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I can not provide a whole manuscript of examples where I can justify that these forces are reference independent.

I don't think that there is any such case where these forces are reference-dependent. What is the main reason that they are reference independent?

Please provide the solutions which are in the domain of Newtonian mechanics. Every suggestion is important to me.

EDIT

A pure mathematical description of these forces would be quite helpful for me instead of specific cases.

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    $\begingroup$ By "reference" do you mean frame of reference? $\endgroup$ – Skawang Jul 15 '19 at 8:56
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    $\begingroup$ Honestly, if there wasn't a bounty here I would vote to close this question as off topic for being too broad. $\endgroup$ – Aaron Stevens Jul 19 '19 at 17:57
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    $\begingroup$ I don't understand the question. Are there forces you are considering that are reference frame dependent? Are you talking about pseudo forces here? $\endgroup$ – Aaron Stevens Jul 21 '19 at 4:40
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    $\begingroup$ I repeat my question. Are there forces you are considering that are reference frame dependent? Why are you singling these forces out specifically? I'd love to type up an answer, but I need to understand your question first. $\endgroup$ – Aaron Stevens Jul 21 '19 at 10:55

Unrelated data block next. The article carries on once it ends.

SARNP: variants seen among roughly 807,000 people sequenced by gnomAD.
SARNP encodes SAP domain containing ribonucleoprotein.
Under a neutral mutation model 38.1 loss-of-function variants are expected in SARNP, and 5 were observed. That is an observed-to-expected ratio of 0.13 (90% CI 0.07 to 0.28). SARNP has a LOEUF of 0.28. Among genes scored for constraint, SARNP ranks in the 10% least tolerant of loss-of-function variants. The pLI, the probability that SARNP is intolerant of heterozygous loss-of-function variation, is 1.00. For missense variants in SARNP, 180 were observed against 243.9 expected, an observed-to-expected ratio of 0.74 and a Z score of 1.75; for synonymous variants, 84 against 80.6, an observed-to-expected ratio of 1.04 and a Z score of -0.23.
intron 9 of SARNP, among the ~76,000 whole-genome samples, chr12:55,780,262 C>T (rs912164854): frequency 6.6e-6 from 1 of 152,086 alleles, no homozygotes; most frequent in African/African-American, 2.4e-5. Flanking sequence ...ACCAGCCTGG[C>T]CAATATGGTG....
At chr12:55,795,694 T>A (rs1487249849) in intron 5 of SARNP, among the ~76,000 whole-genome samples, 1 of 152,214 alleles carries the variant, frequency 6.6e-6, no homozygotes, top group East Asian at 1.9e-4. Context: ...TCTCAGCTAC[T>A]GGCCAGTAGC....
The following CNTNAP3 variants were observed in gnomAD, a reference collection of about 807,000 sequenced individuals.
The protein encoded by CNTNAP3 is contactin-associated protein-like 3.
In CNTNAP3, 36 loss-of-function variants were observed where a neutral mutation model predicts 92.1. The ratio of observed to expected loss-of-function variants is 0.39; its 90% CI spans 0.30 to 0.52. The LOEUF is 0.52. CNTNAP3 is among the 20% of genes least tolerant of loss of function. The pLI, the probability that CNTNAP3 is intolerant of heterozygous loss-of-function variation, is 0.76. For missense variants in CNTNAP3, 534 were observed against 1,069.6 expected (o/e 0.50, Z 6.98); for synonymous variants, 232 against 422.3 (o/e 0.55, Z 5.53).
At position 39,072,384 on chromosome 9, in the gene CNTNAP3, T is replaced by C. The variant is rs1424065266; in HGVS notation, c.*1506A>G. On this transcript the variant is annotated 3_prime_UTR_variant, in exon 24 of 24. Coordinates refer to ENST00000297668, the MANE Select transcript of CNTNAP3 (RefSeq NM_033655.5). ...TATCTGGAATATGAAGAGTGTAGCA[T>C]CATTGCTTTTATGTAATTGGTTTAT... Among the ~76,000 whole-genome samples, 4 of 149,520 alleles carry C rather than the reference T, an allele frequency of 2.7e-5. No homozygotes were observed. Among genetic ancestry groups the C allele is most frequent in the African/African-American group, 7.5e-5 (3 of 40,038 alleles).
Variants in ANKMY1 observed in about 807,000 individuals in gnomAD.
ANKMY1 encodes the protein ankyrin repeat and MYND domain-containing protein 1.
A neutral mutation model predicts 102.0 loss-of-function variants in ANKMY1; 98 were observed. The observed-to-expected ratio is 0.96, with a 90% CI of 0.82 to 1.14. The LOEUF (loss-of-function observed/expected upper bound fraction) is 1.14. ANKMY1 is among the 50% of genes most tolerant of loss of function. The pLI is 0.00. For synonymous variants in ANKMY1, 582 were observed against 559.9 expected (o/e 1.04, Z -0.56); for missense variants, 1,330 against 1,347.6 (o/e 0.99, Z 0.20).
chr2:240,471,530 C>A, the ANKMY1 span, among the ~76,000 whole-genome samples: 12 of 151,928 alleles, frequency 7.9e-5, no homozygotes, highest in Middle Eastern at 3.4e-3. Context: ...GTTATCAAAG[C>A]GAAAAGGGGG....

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    $\begingroup$ I'd love to type up an answer, but I need to understand your question first. $\endgroup$ – Aaron Stevens Jul 21 '19 at 11:24
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It's because mass and time are the same in all inertial frames in Newtonian mechanics. If you have two inertial frames, the change in the velocity of an object in a given time interval would be the same as measured from both frames. Sure the actual velocity of the object measured may be different by some incremental factor but the change is measured the same. For instance, if you have two frames with a relative velocity of 2 m/s between them, then if one measures the velocity of an object at an instant as 5 m/s then the other measures it as 7 m/s at the same instant (it could be 5 and 3 too, depending on the direction of the relative motion but that's just a minor detail with no consequences here), and if at some other instant its 9 m/s for one then for the other one it would be 11 m/s, always such that the difference in the measured value is always 2. This means that if the velocity increases by 1 m/s in 1 s in one frame then it must be also true in the other frame for the difference in measured velocities to still be 2. Since the change in velocity is measured the same, the acceleration of the object is the same in both frames. Since both mass and acceleration are the same in both frames, their product, i.e, the force is also the same. This is true for any real force, not just tension, friction and normal reaction forces.